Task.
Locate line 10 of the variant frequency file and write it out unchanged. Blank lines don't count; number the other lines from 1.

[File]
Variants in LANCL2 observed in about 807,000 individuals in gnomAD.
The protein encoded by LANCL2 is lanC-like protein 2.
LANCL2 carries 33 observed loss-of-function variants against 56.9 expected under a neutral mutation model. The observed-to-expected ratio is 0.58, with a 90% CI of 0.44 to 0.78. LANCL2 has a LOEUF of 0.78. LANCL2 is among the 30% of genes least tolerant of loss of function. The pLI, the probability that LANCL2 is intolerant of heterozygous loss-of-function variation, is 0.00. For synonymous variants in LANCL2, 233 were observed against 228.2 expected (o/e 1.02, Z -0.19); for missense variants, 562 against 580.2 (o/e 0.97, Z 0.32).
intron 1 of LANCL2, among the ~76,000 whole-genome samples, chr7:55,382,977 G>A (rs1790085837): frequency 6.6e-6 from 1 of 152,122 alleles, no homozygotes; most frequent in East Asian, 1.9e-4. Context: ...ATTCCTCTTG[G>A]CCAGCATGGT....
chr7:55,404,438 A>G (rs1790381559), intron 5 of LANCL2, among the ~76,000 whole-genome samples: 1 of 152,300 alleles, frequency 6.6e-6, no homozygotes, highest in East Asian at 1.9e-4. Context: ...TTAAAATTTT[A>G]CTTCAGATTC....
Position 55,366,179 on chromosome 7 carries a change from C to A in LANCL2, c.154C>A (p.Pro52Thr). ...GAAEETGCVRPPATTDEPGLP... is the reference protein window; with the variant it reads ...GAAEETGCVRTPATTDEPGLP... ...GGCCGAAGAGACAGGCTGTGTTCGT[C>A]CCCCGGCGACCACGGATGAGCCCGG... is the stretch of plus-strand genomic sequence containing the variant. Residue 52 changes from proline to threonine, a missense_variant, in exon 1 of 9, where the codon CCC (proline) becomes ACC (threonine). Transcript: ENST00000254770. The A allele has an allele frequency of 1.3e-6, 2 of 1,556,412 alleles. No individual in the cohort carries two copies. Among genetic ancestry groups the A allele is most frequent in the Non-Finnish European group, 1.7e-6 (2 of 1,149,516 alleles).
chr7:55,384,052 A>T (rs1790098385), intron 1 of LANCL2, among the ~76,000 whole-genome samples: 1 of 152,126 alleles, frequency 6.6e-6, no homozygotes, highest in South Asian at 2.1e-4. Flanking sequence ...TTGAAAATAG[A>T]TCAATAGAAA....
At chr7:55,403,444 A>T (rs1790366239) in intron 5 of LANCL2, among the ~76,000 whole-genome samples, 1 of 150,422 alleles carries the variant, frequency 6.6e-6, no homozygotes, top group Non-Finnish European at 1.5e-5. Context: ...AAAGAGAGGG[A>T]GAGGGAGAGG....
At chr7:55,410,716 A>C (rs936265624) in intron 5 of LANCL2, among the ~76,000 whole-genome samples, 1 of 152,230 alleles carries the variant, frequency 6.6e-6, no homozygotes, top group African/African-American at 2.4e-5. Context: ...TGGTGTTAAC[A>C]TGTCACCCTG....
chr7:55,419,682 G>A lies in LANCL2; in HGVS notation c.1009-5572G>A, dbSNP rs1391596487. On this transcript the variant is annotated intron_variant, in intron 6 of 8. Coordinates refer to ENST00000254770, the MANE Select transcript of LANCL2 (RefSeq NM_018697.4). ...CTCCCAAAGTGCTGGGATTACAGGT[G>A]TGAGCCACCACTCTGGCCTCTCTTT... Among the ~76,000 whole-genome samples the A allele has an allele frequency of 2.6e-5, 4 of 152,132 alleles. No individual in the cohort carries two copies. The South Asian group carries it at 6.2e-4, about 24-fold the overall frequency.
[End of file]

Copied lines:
chr7:55,419,682 G>A lies in LANCL2; in HGVS notation c.1009-5572G>A, dbSNP rs1391596487. On this transcript the variant is annotated intron_variant, in intron 6 of 8. Coordinates refer to ENST00000254770, the MANE Select transcript of LANCL2 (RefSeq NM_018697.4). ...CTCCCAAAGTGCTGGGATTACAGGT[G>A]TGAGCCACCACTCTGGCCTCTCTTT... Among the ~76,000 whole-genome samples the A allele has an allele frequency of 2.6e-5, 4 of 152,132 alleles. No individual in the cohort carries two copies. The South Asian group carries it at 6.2e-4, about 24-fold the overall frequency.